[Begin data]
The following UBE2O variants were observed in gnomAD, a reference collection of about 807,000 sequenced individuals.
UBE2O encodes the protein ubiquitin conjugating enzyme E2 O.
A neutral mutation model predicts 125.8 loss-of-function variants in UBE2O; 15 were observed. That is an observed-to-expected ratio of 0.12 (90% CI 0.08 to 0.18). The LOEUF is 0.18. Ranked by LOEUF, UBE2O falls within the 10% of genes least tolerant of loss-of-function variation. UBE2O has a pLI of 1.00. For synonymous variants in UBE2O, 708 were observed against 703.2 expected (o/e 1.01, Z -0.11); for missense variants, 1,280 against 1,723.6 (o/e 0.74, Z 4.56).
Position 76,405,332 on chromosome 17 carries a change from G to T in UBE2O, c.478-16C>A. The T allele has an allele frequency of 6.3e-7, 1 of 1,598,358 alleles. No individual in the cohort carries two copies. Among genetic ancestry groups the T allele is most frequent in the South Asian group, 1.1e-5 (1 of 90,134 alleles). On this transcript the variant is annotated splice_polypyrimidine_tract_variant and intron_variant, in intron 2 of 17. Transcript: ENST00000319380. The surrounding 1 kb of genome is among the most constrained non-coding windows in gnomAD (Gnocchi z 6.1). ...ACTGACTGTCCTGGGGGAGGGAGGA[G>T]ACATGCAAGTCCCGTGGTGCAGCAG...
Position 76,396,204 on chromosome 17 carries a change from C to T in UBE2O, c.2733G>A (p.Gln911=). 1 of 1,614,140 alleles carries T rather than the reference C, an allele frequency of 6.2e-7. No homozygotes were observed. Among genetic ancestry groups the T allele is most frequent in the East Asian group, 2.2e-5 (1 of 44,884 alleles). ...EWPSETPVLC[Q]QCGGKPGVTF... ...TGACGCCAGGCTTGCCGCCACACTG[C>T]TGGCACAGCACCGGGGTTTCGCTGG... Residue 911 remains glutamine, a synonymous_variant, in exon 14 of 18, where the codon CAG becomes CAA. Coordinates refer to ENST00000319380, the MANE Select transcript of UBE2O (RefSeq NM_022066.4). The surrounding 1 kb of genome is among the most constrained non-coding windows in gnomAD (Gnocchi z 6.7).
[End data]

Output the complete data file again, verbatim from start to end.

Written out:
The following UBE2O variants were observed in gnomAD, a reference collection of about 807,000 sequenced individuals.
UBE2O encodes the protein ubiquitin conjugating enzyme E2 O.
A neutral mutation model predicts 125.8 loss-of-function variants in UBE2O; 15 were observed. That is an observed-to-expected ratio of 0.12 (90% CI 0.08 to 0.18). The LOEUF is 0.18. Ranked by LOEUF, UBE2O falls within the 10% of genes least tolerant of loss-of-function variation. UBE2O has a pLI of 1.00. For synonymous variants in UBE2O, 708 were observed against 703.2 expected (o/e 1.01, Z -0.11); for missense variants, 1,280 against 1,723.6 (o/e 0.74, Z 4.56).
Position 76,405,332 on chromosome 17 carries a change from G to T in UBE2O, c.478-16C>A. The T allele has an allele frequency of 6.3e-7, 1 of 1,598,358 alleles. No individual in the cohort carries two copies. Among genetic ancestry groups the T allele is most frequent in the South Asian group, 1.1e-5 (1 of 90,134 alleles). On this transcript the variant is annotated splice_polypyrimidine_tract_variant and intron_variant, in intron 2 of 17. Transcript: ENST00000319380. The surrounding 1 kb of genome is among the most constrained non-coding windows in gnomAD (Gnocchi z 6.1). ...ACTGACTGTCCTGGGGGAGGGAGGA[G>T]ACATGCAAGTCCCGTGGTGCAGCAG...
Position 76,396,204 on chromosome 17 carries a change from C to T in UBE2O, c.2733G>A (p.Gln911=). 1 of 1,614,140 alleles carries T rather than the reference C, an allele frequency of 6.2e-7. No homozygotes were observed. Among genetic ancestry groups the T allele is most frequent in the East Asian group, 2.2e-5 (1 of 44,884 alleles). ...EWPSETPVLC[Q]QCGGKPGVTF... ...TGACGCCAGGCTTGCCGCCACACTG[C>T]TGGCACAGCACCGGGGTTTCGCTGG... Residue 911 remains glutamine, a synonymous_variant, in exon 14 of 18, where the codon CAG becomes CAA. Coordinates refer to ENST00000319380, the MANE Select transcript of UBE2O (RefSeq NM_022066.4). The surrounding 1 kb of genome is among the most constrained non-coding windows in gnomAD (Gnocchi z 6.7).